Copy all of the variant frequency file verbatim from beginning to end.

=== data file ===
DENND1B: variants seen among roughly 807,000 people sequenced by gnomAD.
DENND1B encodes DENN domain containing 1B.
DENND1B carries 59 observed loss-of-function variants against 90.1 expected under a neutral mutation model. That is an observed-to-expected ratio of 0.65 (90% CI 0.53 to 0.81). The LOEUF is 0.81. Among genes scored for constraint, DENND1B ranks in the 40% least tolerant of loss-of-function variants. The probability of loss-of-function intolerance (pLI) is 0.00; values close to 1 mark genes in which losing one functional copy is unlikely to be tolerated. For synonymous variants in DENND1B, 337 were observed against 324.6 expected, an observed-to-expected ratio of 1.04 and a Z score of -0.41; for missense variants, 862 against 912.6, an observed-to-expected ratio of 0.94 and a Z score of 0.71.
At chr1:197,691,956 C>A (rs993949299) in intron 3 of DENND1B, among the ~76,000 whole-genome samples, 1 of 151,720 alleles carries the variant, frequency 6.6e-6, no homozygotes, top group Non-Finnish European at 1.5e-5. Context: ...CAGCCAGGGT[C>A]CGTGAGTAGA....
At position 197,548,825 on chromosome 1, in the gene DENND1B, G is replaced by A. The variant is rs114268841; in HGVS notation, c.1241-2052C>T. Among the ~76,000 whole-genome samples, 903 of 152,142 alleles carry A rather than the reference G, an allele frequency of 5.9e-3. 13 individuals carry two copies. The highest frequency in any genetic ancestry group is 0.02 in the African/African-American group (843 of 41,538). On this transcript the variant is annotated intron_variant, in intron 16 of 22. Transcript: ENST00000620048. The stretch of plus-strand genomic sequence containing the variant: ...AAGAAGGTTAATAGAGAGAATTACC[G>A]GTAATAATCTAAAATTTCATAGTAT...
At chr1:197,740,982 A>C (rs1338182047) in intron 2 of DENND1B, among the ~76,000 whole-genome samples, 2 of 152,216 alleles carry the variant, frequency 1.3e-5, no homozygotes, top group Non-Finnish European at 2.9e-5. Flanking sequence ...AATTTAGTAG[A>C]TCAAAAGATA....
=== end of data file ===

DENND1B: variants seen among roughly 807,000 people sequenced by gnomAD.
DENND1B encodes DENN domain containing 1B.
DENND1B carries 59 observed loss-of-function variants against 90.1 expected under a neutral mutation model. That is an observed-to-expected ratio of 0.65 (90% CI 0.53 to 0.81). The LOEUF is 0.81. Among genes scored for constraint, DENND1B ranks in the 40% least tolerant of loss-of-function variants. The probability of loss-of-function intolerance (pLI) is 0.00; values close to 1 mark genes in which losing one functional copy is unlikely to be tolerated. For synonymous variants in DENND1B, 337 were observed against 324.6 expected, an observed-to-expected ratio of 1.04 and a Z score of -0.41; for missense variants, 862 against 912.6, an observed-to-expected ratio of 0.94 and a Z score of 0.71.
At chr1:197,691,956 C>A (rs993949299) in intron 3 of DENND1B, among the ~76,000 whole-genome samples, 1 of 151,720 alleles carries the variant, frequency 6.6e-6, no homozygotes, top group Non-Finnish European at 1.5e-5. Context: ...CAGCCAGGGT[C>A]CGTGAGTAGA....
At position 197,548,825 on chromosome 1, in the gene DENND1B, G is replaced by A. The variant is rs114268841; in HGVS notation, c.1241-2052C>T. Among the ~76,000 whole-genome samples, 903 of 152,142 alleles carry A rather than the reference G, an allele frequency of 5.9e-3. 13 individuals carry two copies. The highest frequency in any genetic ancestry group is 0.02 in the African/African-American group (843 of 41,538). On this transcript the variant is annotated intron_variant, in intron 16 of 22. Transcript: ENST00000620048. The stretch of plus-strand genomic sequence containing the variant: ...AAGAAGGTTAATAGAGAGAATTACC[G>A]GTAATAATCTAAAATTTCATAGTAT...
At chr1:197,740,982 A>C (rs1338182047) in intron 2 of DENND1B, among the ~76,000 whole-genome samples, 2 of 152,216 alleles carry the variant, frequency 1.3e-5, no homozygotes, top group Non-Finnish European at 2.9e-5. Flanking sequence ...AATTTAGTAG[A>C]TCAAAAGATA....